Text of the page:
Election management systems, voting machines, and other parts of a voting system, all have an individual very important job to do, and should not be able to do anything else. It’s not hard to build systems that way, but that’s not what’s available from today’s 3 vendors in the for-profit market for voting systems, and services to operate them to assist elections officials. We can fix that, and we are.

But it’s the election officials, many many of them public servants with a heart of gold, that should really be highlighted. They are making do with what they have, with enormous extra effort to protect these vulnerable systems, and run an election that we all can trust. They deserve better, we all deserve better, election technology that’s built for elections that are Verifiable, Accurate, Secure, and Transparent (VAST as we like to say). The “better” is in the works, here at OSET Institute and elsewhere, but there is one more key point.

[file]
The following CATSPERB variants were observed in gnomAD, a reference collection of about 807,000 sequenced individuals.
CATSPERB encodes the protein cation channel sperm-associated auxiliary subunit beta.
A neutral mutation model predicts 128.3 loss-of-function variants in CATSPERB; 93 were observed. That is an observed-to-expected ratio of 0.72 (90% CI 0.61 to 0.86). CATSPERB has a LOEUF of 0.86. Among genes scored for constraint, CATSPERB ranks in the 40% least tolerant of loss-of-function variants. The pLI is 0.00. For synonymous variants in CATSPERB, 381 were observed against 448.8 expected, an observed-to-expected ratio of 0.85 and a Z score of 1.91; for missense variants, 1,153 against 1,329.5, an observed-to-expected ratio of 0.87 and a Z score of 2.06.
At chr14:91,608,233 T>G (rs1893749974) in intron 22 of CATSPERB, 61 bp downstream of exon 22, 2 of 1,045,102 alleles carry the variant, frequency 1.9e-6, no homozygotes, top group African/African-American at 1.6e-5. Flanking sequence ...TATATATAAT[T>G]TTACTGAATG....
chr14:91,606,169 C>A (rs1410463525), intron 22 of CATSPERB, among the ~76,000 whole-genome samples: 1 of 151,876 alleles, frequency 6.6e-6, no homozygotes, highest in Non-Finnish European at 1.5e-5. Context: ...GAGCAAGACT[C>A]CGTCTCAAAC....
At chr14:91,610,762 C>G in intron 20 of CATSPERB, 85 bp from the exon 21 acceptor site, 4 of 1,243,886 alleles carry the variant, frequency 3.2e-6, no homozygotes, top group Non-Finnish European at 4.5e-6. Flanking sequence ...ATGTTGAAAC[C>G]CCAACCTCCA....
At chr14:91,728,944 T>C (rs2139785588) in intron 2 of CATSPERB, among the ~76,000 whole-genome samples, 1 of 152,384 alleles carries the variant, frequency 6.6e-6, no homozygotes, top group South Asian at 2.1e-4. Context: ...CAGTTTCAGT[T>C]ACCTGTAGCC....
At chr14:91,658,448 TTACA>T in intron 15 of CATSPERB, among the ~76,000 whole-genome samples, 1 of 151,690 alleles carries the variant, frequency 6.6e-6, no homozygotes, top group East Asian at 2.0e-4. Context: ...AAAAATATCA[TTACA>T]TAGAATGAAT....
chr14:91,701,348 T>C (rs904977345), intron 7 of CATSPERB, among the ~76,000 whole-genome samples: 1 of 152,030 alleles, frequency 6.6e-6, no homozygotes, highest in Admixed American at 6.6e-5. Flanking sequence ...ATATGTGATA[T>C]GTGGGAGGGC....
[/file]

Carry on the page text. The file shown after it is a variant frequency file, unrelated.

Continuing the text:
Don’t be demoralized by the fear uncertainty and doubt about hacking elections. Vote. These hardworking public servants are running the election for each of us, doing their best with what they have. Make it worth something. Vote, and believe what is true, that you are an essential part of the process that makes our democracy to be truly a democracy.

— John Sebes

Old School, New Tech: What’s Really Behind Today’s Elections

Many thanks to coverage by Bloomberg’s Michaela Ross, on election tech and cyber-security.

Given so much at stake for this election with its credibility rocked by claims of rigging, and so much more at stake as we move ahead to replace and improve our election infrastructure, I’m rarely enthused about reading more about how some people think Internet voting is great, and others think it is impossible.  However, Ms. Ross did a great job of following that discussion about how “Old School May Be Better” with supporting remarks from many long time friends and colleagues in election administration and technology worlds.